A new study has revealed British people think more about food than they do about sex, TV and football.
Yup, it appears more British people would rather indulge in a bacon sandwich than binge a series on Netflix, worry about whether their team is qualifying for Champions League or, in this case, release some sexual tension.
So when someone says something like ‘British people? they’re prudes when it comes to matters about sex’ you can tell them it’s not the case, they’re just thinking about food half the time.
The revelation comes after a new study was published, which explores our relationship with food and snacking. It suggests one in four Brits would rather placate to their hunger each day than finish their tasks at work. A further 37 per cent who took part in the study admitted food would cross their mind more often than sex, though this is truer of men than women.
The study, which was carried out by Johnson & Johnson, found one in two women dedicate more time to thinking about their next meal than their sexual desires, while only one in four men can say the same.
Mike Lynch, the Global Director of Oral Care Scientific Engagement at Johnson & Johnson, stated:
This snacking trend is taking its toll on our oral health. Whether this be from healthy or unhealthy foods, bacteria in your mouth use the sugar to create acid that leads to erosion of tooth enamel, leaving teeth weak and vulnerable.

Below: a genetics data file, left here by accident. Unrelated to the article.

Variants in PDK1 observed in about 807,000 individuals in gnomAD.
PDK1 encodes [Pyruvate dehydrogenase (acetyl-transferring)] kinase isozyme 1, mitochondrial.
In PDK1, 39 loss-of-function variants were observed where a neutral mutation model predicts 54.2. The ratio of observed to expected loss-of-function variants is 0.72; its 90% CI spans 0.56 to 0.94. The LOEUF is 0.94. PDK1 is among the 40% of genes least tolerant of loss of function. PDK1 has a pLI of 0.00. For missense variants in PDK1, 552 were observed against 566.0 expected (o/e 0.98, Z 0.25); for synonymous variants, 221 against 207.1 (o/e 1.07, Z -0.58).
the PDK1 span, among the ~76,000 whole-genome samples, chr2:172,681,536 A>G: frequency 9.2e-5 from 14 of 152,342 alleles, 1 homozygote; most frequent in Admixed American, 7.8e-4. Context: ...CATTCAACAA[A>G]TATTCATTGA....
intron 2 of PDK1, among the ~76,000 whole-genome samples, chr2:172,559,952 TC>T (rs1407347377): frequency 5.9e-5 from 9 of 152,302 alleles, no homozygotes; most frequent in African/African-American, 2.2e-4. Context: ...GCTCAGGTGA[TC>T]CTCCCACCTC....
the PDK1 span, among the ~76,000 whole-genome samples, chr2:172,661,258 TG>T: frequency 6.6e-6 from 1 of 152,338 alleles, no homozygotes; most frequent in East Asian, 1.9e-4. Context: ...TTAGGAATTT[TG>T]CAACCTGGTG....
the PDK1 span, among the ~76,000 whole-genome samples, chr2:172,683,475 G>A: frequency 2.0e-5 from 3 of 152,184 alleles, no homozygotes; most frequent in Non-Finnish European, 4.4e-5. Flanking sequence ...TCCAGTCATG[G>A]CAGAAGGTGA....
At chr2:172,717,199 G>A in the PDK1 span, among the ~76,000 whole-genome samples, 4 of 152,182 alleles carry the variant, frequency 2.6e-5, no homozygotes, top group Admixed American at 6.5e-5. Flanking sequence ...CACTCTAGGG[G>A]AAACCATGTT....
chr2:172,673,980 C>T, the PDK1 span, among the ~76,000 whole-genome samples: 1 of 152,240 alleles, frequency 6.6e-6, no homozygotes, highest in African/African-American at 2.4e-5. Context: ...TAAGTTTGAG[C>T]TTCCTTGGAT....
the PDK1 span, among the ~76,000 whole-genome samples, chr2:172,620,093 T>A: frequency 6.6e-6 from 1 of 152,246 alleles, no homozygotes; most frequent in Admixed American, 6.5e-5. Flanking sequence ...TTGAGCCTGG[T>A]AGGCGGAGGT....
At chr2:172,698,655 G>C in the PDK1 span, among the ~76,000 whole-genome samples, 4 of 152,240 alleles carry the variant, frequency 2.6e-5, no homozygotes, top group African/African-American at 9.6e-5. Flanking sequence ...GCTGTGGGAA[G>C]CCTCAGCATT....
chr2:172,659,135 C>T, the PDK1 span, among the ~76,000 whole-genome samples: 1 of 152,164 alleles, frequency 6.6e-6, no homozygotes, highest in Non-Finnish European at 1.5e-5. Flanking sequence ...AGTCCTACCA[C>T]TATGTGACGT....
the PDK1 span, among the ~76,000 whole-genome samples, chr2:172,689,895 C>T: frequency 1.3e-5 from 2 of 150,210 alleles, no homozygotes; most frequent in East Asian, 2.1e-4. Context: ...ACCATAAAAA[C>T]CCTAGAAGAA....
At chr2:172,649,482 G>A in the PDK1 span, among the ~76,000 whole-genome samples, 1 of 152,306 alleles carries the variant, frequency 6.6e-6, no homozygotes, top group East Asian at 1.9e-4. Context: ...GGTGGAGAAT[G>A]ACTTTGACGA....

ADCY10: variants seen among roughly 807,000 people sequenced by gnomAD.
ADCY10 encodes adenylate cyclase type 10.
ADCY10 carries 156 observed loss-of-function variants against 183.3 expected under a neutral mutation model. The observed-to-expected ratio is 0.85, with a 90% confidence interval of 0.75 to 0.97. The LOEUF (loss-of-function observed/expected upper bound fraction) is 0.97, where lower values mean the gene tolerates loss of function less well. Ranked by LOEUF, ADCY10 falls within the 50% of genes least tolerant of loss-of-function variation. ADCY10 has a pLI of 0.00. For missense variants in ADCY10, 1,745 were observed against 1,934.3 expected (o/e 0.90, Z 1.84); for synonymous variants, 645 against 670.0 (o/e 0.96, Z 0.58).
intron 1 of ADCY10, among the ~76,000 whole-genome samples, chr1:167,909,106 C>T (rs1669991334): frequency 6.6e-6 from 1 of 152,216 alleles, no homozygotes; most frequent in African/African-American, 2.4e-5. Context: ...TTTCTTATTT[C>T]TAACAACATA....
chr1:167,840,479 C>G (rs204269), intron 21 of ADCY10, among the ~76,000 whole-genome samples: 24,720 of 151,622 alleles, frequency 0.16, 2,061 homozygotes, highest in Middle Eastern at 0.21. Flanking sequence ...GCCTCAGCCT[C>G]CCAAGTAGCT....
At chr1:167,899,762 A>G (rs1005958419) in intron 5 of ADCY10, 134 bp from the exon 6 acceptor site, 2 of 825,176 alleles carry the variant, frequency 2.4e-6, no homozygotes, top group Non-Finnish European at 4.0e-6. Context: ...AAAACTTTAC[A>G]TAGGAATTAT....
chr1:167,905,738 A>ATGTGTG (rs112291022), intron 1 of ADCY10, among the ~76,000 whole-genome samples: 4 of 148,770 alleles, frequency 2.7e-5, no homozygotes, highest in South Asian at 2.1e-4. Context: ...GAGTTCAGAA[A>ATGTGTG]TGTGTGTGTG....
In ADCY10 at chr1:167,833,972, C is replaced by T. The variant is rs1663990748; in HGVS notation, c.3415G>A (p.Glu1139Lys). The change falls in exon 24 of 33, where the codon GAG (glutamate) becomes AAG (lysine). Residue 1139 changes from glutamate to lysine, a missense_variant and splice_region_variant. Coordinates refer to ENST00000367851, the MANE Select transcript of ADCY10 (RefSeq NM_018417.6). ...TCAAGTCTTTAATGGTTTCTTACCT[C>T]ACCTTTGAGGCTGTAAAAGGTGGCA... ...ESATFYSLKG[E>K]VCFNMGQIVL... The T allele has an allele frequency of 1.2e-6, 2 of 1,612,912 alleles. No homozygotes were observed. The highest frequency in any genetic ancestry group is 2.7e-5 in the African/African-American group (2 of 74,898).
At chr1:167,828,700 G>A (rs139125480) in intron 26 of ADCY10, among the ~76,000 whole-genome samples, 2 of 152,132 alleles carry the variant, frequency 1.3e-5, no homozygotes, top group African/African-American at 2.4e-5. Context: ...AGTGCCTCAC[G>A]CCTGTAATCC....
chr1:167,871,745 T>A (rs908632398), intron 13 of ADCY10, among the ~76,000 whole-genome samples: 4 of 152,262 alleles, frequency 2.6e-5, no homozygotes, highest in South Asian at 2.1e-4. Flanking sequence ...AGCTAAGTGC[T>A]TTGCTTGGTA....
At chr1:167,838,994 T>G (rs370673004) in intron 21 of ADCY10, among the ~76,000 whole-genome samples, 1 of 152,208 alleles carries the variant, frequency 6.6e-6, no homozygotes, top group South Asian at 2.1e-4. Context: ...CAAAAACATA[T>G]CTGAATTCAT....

It’s clear adults are concerned as 41 per cent worry that what they are eating affects their teeth, and 16 per cent of adults have had more than one dental issue as a result of their diet. If these habits continue, it could be very bad news for our mouths.
Johnson & Johnson’s study went on to discover the average British person would have food on their mind for one hour and 39 minutes on a normal day. This is most likely to occur during the so-called ‘snacking hour’. Research claims this usually occurs between 10 and 11 AM, where we are most prone to giving into our snacking habits.
Further research indicates one in five Brits would go so far as to label their love of food and cooking as one of their key interests in life, which explains a lot of Tinder bios these days.
When it comes to snacking, one in five has a secret stash drawer dedicated to snacks which they turn to when they are feeling bored. An additional 18 per cent say they snack purely out of habit as if it’s a countdown to their next big meal of the day.
According to the study, dinner is the meal we dedicate most of our brain power to, this is followed by lunch and breakfast. Dinner is also the meal where 63 per cent of diners believe they consume the majority of their daily calorie intake.
However, as much as we love consuming food only one in seven believe they get their five portions of fruit and veg a day in their snacks and meals, while the average Brit eats as little as four pieces of fruit a week.
If you have a story you want to tell send it to UNILAD via [email protected]